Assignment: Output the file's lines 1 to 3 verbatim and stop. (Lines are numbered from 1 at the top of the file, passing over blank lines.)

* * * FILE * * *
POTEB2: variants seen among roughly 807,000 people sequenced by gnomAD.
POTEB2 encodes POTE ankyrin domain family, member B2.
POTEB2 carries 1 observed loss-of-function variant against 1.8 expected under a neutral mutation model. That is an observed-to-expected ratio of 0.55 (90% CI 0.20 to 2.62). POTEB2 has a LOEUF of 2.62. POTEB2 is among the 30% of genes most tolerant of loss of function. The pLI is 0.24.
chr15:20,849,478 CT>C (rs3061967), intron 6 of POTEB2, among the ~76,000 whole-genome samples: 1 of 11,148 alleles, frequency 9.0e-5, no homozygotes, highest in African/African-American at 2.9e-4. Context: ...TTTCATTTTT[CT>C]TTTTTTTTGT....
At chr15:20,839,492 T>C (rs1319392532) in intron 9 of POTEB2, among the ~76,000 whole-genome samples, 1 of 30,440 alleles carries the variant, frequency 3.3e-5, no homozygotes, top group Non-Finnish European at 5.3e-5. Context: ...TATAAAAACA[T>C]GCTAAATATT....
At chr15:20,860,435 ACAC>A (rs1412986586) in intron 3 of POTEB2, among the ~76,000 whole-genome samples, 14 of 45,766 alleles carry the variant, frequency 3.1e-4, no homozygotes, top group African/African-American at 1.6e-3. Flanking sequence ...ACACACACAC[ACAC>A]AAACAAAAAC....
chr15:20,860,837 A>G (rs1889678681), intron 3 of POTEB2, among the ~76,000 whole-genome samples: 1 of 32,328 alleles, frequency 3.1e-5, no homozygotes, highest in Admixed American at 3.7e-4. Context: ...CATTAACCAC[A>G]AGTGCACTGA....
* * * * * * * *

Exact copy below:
POTEB2: variants seen among roughly 807,000 people sequenced by gnomAD.
POTEB2 encodes POTE ankyrin domain family, member B2.
POTEB2 carries 1 observed loss-of-function variant against 1.8 expected under a neutral mutation model. That is an observed-to-expected ratio of 0.55 (90% CI 0.20 to 2.62). POTEB2 has a LOEUF of 2.62. POTEB2 is among the 30% of genes most tolerant of loss of function. The pLI is 0.24.